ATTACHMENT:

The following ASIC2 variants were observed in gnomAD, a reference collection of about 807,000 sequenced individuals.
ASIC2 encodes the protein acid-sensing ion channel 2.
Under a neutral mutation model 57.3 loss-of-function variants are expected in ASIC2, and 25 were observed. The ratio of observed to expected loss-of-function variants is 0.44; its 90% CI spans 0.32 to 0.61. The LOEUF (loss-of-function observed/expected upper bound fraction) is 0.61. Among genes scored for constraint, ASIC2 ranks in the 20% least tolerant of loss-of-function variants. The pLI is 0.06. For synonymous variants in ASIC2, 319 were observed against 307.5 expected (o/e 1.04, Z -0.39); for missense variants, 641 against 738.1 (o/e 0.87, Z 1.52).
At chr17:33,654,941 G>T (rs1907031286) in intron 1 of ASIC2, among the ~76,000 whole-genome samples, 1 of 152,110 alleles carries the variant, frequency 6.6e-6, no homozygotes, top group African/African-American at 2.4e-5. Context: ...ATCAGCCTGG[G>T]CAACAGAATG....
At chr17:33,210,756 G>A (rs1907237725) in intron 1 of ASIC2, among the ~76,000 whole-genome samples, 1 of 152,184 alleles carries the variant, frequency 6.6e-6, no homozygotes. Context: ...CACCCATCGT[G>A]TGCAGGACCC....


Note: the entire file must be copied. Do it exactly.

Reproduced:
The following ASIC2 variants were observed in gnomAD, a reference collection of about 807,000 sequenced individuals.
ASIC2 encodes the protein acid-sensing ion channel 2.
Under a neutral mutation model 57.3 loss-of-function variants are expected in ASIC2, and 25 were observed. The ratio of observed to expected loss-of-function variants is 0.44; its 90% CI spans 0.32 to 0.61. The LOEUF (loss-of-function observed/expected upper bound fraction) is 0.61. Among genes scored for constraint, ASIC2 ranks in the 20% least tolerant of loss-of-function variants. The pLI is 0.06. For synonymous variants in ASIC2, 319 were observed against 307.5 expected (o/e 1.04, Z -0.39); for missense variants, 641 against 738.1 (o/e 0.87, Z 1.52).
At chr17:33,654,941 G>T (rs1907031286) in intron 1 of ASIC2, among the ~76,000 whole-genome samples, 1 of 152,110 alleles carries the variant, frequency 6.6e-6, no homozygotes, top group African/African-American at 2.4e-5. Context: ...ATCAGCCTGG[G>T]CAACAGAATG....
At chr17:33,210,756 G>A (rs1907237725) in intron 1 of ASIC2, among the ~76,000 whole-genome samples, 1 of 152,184 alleles carries the variant, frequency 6.6e-6, no homozygotes. Context: ...CACCCATCGT[G>A]TGCAGGACCC....